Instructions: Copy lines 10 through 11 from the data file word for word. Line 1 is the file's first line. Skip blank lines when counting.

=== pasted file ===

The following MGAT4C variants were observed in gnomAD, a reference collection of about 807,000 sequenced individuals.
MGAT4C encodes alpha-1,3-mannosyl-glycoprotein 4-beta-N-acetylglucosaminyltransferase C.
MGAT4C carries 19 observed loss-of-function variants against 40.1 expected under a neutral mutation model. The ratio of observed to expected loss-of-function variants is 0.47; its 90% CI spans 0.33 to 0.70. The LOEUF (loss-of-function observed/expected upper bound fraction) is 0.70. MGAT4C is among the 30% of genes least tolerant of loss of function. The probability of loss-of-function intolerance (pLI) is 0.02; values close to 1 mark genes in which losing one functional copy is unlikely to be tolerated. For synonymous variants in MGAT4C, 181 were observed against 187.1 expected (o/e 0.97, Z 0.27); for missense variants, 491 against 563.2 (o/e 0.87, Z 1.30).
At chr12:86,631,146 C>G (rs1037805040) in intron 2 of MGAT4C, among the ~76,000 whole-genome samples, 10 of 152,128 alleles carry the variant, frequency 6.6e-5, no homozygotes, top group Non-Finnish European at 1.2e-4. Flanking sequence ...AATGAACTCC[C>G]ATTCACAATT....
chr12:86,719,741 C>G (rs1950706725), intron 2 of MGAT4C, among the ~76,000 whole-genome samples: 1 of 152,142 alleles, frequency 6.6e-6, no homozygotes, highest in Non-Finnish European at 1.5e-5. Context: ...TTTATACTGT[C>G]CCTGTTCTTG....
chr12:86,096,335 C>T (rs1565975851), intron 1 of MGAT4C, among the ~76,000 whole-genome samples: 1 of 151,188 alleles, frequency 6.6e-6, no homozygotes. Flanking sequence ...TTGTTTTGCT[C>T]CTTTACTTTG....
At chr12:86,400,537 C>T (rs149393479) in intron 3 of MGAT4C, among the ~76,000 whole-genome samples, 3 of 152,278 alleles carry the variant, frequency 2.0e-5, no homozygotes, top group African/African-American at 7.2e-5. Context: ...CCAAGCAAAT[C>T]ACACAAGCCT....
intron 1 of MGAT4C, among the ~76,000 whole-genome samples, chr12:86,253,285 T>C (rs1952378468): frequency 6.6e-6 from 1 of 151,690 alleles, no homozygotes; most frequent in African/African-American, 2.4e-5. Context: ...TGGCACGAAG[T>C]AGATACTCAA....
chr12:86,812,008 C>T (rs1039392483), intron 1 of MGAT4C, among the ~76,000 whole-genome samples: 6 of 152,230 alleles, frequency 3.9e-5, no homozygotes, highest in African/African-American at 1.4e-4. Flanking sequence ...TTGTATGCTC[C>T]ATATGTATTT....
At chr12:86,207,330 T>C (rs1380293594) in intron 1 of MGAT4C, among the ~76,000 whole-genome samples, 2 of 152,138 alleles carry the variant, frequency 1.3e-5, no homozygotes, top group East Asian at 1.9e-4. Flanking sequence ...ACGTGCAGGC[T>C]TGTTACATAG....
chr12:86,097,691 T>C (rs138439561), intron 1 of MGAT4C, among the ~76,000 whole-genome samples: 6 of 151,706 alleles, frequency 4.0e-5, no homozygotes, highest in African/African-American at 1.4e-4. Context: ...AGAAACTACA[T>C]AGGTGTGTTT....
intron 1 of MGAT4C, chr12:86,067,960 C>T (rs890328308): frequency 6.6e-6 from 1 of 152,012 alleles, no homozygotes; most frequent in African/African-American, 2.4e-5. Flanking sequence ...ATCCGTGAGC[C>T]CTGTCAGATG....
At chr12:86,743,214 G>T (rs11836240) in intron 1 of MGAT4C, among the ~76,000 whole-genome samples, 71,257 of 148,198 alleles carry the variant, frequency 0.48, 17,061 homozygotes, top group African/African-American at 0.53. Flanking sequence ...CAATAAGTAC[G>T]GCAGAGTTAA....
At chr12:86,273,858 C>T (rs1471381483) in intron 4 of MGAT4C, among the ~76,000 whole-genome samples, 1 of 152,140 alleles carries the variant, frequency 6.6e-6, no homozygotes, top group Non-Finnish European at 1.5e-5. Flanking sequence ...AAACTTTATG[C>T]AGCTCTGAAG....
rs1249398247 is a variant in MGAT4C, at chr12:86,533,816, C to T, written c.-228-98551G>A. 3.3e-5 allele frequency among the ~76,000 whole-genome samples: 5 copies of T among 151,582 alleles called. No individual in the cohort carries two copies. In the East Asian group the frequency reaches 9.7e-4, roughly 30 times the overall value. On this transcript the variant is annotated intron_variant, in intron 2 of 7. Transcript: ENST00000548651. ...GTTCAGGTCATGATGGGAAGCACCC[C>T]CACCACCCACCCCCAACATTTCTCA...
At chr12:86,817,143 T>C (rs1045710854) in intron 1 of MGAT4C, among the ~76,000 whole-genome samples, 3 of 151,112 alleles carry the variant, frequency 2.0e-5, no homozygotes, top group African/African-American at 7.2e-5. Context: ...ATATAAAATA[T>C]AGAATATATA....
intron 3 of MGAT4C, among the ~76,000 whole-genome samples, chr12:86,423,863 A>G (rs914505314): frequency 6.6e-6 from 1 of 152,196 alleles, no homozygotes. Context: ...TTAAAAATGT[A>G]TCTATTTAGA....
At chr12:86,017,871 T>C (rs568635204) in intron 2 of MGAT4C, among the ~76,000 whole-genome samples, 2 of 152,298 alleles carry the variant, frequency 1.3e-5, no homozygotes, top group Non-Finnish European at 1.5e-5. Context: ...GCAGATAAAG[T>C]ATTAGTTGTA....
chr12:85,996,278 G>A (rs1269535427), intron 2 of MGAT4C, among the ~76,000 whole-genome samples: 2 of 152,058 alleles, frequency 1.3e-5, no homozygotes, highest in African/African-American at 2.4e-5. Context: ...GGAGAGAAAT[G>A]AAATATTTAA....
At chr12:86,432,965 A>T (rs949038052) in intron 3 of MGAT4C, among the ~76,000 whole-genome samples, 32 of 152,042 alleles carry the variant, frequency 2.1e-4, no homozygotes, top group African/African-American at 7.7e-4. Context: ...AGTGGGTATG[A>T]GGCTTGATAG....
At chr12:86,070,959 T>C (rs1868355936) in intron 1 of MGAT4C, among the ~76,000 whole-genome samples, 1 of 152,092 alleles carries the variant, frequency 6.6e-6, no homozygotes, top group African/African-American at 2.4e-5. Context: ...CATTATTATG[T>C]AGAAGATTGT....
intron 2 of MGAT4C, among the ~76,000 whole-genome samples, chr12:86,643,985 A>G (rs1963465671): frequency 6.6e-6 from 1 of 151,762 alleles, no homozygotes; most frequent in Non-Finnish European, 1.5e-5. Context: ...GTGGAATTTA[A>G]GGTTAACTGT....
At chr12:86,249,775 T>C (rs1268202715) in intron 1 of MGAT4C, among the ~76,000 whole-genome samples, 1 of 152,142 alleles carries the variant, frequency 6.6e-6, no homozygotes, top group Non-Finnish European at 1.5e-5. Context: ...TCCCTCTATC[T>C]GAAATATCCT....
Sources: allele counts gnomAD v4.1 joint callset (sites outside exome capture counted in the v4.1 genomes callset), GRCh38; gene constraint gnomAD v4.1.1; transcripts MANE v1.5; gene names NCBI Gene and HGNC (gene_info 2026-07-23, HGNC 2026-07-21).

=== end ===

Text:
At chr12:86,207,330 T>C (rs1380293594) in intron 1 of MGAT4C, among the ~76,000 whole-genome samples, 2 of 152,138 alleles carry the variant, frequency 1.3e-5, no homozygotes, top group East Asian at 1.9e-4. Flanking sequence ...ACGTGCAGGC[T>C]TGTTACATAG....
chr12:86,097,691 T>C (rs138439561), intron 1 of MGAT4C, among the ~76,000 whole-genome samples: 6 of 151,706 alleles, frequency 4.0e-5, no homozygotes, highest in African/African-American at 1.4e-4. Context: ...AGAAACTACA[T>C]AGGTGTGTTT....